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Osteoarthritis and rheumatoid arthritis patients both experience joint pain, but there is a key difference. Watch as orthopedic surgeon Mike Miranda, DO, of Brandon Regional Hospital, explains.
Unlike the more common osteoarthritis, which is mainly a disease of the cartilage in joints, rheumatoid arthritis (RA) occurs when the body's immune system attacks and damages the joints and, sometimes, other organs. RA often occurs in a symmetrical pattern, meaning that if one knee or hand is involved, the other one is too.
Rheumatoid arthritis is a systemic inflammatory disease primarily affecting the synovial joints causing significant pain, swelling, and significant morning stiffness. Although it primarily affects the joints, it can affect virtually any tissue or organ given that it is a systemic condition. Treatment consists of immunomodulators. In contrast, osteoarthritis results in degenerative changes from mechanical stress and trauma and is treated supportively.
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Let's begin with what osteoarthritis and rheumatoid arthritis have in common. Both cause joints to become painful and stiff. And both of these frustrating conditions can limit mobility, rob you of independence and lessen your quality of life.
However, osteoarthritis and rheumatoid arthritis are two very different conditions in other ways. Osteoarthritis seems to be brought on, at least in part, by wear and tear. Over time, protective tissue called cartilage in the joint withers away. That leaves bones scraping against bone, causing pain and other symptoms.
By contrast, rheumatoid arthritis occurs due to a glitch in the body's immune system. Normally, the immune system produces white blood cells to attack intruders such as bacteria and viruses. If you have rheumatoid arthritis, though, the immune system mistakenly sends white blood cells to invade and destroy tissue in the joints.
There are other differences between osteoarthritis and rheumatoid arthritis. The latter can affect body parts other than the joints, including the eyes, lungs, skin and blood vessels. Rheumatoid arthritis is also usually symmetrical; that is, if your right wrist is affected, your left wrist probably will be too.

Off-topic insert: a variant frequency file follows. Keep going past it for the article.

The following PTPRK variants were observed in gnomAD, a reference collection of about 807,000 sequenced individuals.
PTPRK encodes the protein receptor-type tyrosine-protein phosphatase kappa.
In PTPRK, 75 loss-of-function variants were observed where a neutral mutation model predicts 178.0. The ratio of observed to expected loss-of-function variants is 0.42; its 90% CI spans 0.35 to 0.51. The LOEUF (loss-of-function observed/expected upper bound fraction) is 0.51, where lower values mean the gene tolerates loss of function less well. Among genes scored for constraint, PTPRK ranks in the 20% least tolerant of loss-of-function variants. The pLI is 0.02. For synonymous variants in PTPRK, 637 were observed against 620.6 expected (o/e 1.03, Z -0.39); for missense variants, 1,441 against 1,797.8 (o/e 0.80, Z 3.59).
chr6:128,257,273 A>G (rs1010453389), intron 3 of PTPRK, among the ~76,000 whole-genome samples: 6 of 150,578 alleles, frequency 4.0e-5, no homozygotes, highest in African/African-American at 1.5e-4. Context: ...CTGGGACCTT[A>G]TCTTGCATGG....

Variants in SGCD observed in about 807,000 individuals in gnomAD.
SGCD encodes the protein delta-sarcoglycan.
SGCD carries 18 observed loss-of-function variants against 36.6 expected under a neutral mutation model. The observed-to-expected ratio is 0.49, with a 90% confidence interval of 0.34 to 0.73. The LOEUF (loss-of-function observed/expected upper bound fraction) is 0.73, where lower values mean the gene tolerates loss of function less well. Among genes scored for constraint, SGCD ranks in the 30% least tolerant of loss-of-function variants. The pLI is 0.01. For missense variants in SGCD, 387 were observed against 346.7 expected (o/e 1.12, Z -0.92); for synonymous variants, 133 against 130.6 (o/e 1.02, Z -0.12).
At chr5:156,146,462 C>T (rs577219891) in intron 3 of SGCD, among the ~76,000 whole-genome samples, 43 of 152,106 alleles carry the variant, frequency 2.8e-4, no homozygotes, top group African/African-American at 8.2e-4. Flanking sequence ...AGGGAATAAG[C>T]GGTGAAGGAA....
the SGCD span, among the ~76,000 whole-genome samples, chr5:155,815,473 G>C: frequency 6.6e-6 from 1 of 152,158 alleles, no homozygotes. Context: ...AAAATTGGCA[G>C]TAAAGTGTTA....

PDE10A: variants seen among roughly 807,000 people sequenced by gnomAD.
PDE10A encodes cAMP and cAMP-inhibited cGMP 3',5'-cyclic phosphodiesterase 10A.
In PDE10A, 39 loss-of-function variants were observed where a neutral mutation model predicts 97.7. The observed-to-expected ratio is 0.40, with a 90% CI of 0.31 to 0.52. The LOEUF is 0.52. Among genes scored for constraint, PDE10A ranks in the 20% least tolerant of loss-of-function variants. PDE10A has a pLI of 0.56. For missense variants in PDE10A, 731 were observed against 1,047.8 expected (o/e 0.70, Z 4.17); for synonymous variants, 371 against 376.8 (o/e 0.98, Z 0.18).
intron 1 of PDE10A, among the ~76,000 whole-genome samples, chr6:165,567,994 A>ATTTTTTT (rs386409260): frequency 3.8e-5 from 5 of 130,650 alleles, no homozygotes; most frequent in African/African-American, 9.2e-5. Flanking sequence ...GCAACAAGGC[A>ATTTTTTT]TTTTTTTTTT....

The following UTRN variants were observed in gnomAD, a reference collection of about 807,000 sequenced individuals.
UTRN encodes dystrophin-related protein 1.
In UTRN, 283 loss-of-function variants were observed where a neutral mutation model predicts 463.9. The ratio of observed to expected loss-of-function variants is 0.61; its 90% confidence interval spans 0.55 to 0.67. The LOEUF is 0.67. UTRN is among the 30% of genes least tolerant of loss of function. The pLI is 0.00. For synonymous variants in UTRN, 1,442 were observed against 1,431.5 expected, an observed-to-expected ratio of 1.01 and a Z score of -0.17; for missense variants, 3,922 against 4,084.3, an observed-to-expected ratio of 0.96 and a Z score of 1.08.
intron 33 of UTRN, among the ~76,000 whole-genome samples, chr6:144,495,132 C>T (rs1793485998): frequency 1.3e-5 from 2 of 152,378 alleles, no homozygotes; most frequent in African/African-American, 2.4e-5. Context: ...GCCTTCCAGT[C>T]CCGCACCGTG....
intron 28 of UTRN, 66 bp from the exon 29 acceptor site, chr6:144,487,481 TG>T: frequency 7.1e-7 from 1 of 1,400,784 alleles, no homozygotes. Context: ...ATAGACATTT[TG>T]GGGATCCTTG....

Arthritis is an umbrella name for more than 100 diseases, including lupus, gout, osteoarthritis (OA), and rheumatoid arthritis (RA), all of which affect a person's joints or connective tissues. But OA and RA are very different diseases, with distinct symptoms and treatments:
When it starts: Later in life, usually after age 50
Joints affected: Mostly hips, knees, feet, and spine; rarely affects hands
Joint symptoms: Pain, swelling
Pain symmetry: No; pain often affects only one joint
Bone symptoms: Bony growths
When it starts: Usually between age 30 and age 60, but can begin anytime
Joints affected: Tends to affect hands and feet first, but can affect any joints
Joint symptoms: Pain, stiffness, heat, redness, tenderness
Pain symmetry: Yes; usually occurs in joints on both sides of the body (e.g., both wrists or both ankles)
Bone symptoms: Erosion of bones in affected joints
Blood test results: Detect inflammation, anemia
Important: This content reflects information from various individuals and organizations and may offer alternative or opposing points of view. It should not be used for medical advice, diagnosis or treatment. As always, you should consult with your healthcare provider about your specific health needs.